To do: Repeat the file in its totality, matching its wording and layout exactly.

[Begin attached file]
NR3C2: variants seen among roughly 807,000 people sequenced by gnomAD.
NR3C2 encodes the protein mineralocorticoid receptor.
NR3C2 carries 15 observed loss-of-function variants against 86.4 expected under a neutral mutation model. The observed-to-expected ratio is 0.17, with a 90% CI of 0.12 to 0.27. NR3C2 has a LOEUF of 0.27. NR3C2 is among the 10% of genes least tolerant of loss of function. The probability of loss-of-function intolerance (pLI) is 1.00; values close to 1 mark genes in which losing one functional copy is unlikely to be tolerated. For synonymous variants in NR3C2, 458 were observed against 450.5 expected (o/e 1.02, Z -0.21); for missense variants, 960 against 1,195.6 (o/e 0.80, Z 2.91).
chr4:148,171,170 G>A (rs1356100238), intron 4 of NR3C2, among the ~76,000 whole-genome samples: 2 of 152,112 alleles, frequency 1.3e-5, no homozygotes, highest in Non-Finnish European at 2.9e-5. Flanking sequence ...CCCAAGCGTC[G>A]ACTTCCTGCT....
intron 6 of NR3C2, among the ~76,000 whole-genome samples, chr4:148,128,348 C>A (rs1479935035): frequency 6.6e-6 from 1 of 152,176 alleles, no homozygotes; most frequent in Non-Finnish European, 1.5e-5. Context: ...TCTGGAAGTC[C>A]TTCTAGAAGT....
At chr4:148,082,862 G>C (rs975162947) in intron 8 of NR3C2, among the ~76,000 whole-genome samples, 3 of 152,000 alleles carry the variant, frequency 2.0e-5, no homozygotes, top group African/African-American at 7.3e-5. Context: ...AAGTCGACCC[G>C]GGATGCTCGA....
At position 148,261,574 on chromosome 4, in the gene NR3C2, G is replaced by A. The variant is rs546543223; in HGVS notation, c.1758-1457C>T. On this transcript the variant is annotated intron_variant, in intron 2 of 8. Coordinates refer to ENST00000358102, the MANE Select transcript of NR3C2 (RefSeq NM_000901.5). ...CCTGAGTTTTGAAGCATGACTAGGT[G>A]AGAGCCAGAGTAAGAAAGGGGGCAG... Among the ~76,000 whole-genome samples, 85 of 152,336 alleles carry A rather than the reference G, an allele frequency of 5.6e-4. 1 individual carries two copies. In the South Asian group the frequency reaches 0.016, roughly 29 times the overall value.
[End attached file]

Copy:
NR3C2: variants seen among roughly 807,000 people sequenced by gnomAD.
NR3C2 encodes the protein mineralocorticoid receptor.
NR3C2 carries 15 observed loss-of-function variants against 86.4 expected under a neutral mutation model. The observed-to-expected ratio is 0.17, with a 90% CI of 0.12 to 0.27. NR3C2 has a LOEUF of 0.27. NR3C2 is among the 10% of genes least tolerant of loss of function. The probability of loss-of-function intolerance (pLI) is 1.00; values close to 1 mark genes in which losing one functional copy is unlikely to be tolerated. For synonymous variants in NR3C2, 458 were observed against 450.5 expected (o/e 1.02, Z -0.21); for missense variants, 960 against 1,195.6 (o/e 0.80, Z 2.91).
chr4:148,171,170 G>A (rs1356100238), intron 4 of NR3C2, among the ~76,000 whole-genome samples: 2 of 152,112 alleles, frequency 1.3e-5, no homozygotes, highest in Non-Finnish European at 2.9e-5. Flanking sequence ...CCCAAGCGTC[G>A]ACTTCCTGCT....
intron 6 of NR3C2, among the ~76,000 whole-genome samples, chr4:148,128,348 C>A (rs1479935035): frequency 6.6e-6 from 1 of 152,176 alleles, no homozygotes; most frequent in Non-Finnish European, 1.5e-5. Context: ...TCTGGAAGTC[C>A]TTCTAGAAGT....
At chr4:148,082,862 G>C (rs975162947) in intron 8 of NR3C2, among the ~76,000 whole-genome samples, 3 of 152,000 alleles carry the variant, frequency 2.0e-5, no homozygotes, top group African/African-American at 7.3e-5. Context: ...AAGTCGACCC[G>C]GGATGCTCGA....
At position 148,261,574 on chromosome 4, in the gene NR3C2, G is replaced by A. The variant is rs546543223; in HGVS notation, c.1758-1457C>T. On this transcript the variant is annotated intron_variant, in intron 2 of 8. Coordinates refer to ENST00000358102, the MANE Select transcript of NR3C2 (RefSeq NM_000901.5). ...CCTGAGTTTTGAAGCATGACTAGGT[G>A]AGAGCCAGAGTAAGAAAGGGGGCAG... Among the ~76,000 whole-genome samples, 85 of 152,336 alleles carry A rather than the reference G, an allele frequency of 5.6e-4. 1 individual carries two copies. In the South Asian group the frequency reaches 0.016, roughly 29 times the overall value.